A proper understanding of the system behavior and other important parameters during the startup of a natural circulation boiling water reactor (NCBWR) is of primary importance in thermal hydraulic safety analysis. At low pressures, a natural circulation loop typically has three operation ranges: single-phase stable region, two-phase unstable region, and two-phase stable region. During the startup, the system undergoes a transition from stable single-phase region to a stable two-phase operating region. While in the process of transition, the system has to cross through an unstable two-phase region, where the system flow sets up to an oscillatory mode mainly induced by the phenomena of flashing in the riser section (i.e., steam production in adiabatic conditions) and geysering in the heated channel. Fundamental studies in the area of geysering instability have been conducted by Aritomi et al. [1] and Wu et al. [2]. A detailed study on flashing-induced instability and their difference from other types of instabilities has been done and reported by Manera and van der Hagen [3] and Furuya et al. [4] through their experiments conducted on CIRCUS and SIRIUS-N facilities, respectively.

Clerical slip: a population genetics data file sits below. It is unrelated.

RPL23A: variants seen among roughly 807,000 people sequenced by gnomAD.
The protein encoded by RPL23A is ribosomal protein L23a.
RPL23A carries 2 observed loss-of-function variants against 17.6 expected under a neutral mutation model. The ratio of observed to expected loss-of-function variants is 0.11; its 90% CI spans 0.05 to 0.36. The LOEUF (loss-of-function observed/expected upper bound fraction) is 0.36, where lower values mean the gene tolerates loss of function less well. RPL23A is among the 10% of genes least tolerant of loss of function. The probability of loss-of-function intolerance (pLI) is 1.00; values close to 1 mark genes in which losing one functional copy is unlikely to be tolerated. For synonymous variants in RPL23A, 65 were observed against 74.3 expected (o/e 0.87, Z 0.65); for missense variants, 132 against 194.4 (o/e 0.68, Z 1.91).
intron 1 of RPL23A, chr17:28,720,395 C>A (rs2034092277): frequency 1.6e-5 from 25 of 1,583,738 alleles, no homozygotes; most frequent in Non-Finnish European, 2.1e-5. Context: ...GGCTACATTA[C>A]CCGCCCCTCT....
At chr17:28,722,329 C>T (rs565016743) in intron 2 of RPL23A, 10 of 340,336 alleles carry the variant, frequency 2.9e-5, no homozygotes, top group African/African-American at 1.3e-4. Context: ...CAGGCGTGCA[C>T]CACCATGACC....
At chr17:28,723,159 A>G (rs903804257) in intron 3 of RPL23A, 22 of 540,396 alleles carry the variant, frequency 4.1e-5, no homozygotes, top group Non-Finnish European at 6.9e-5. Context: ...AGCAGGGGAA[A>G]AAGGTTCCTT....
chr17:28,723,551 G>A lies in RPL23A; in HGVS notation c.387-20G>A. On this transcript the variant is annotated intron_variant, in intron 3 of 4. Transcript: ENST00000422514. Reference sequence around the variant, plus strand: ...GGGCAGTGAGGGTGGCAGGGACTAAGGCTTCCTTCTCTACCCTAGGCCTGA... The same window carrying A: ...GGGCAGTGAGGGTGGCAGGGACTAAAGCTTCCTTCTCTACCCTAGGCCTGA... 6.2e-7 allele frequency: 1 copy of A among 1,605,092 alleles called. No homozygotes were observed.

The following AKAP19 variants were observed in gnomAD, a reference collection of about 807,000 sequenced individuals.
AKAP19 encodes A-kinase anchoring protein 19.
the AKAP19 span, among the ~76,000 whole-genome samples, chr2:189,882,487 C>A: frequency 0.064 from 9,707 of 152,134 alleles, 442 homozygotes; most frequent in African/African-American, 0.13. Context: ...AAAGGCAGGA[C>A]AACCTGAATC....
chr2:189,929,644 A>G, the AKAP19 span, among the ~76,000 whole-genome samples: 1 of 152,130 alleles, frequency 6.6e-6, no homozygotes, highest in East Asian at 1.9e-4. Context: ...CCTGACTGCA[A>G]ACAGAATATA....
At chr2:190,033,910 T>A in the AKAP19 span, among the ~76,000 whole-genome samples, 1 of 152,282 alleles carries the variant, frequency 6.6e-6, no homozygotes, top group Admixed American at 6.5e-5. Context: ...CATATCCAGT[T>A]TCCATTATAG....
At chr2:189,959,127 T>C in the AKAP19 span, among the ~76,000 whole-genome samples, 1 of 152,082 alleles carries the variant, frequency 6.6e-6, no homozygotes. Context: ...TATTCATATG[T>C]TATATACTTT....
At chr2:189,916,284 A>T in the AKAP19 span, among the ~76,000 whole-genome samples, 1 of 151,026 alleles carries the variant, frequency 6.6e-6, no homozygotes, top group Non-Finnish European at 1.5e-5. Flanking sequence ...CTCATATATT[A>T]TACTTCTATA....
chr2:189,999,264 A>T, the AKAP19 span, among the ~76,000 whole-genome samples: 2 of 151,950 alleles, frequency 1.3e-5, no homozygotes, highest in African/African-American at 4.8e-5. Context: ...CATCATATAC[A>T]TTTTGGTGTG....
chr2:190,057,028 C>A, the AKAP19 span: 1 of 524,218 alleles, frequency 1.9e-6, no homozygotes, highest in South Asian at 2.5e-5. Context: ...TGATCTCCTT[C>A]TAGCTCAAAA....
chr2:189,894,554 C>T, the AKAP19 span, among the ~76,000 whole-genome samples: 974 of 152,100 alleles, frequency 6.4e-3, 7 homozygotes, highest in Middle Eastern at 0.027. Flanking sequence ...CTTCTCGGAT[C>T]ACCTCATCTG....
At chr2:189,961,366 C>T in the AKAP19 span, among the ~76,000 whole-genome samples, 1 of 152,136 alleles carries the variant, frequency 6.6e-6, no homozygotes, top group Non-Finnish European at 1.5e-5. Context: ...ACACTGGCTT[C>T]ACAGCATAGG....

Researchers in the recent past have reported and discussed various instabilities that occur in a natural circulation boiling system at low-pressure low-power startup conditions. The findings so far reported are results of research focused on the development of single-channel vessel type NCBWRs like ESBWR from GE and so forth. The nature of transients is mostly explained through single-channel studies. Very few investigations have been done to study the low-pressure transients that could occur in a parallel channel natural circulation boiling system. An experimental study using a double-channel natural circulation loop was carried out, and the transport mechanism of various types of instability under startup conditions was discussed [5]. In-phase and out-of-phase flow oscillations were reported. Out-of-phase flow oscillations were reported through an experimental observation [6] as cited in [7]. Through a numerical study, the nonlinear dynamics and stability boundary of a double-channel natural circulation boiling loop analyzed [7]. The motivation behind the above-mentioned double-channel works was mainly to simulate the flow inside the parallel tubes of the reactor core. The current study assumes importance in simulating a multichannel pressure tube type reactor, having tubes with riser section (adiabatic) running up to 25 m height. Due to the strong variation of saturation temperature along the length, flashing can occur in the adiabatic section during the startup of the reactor.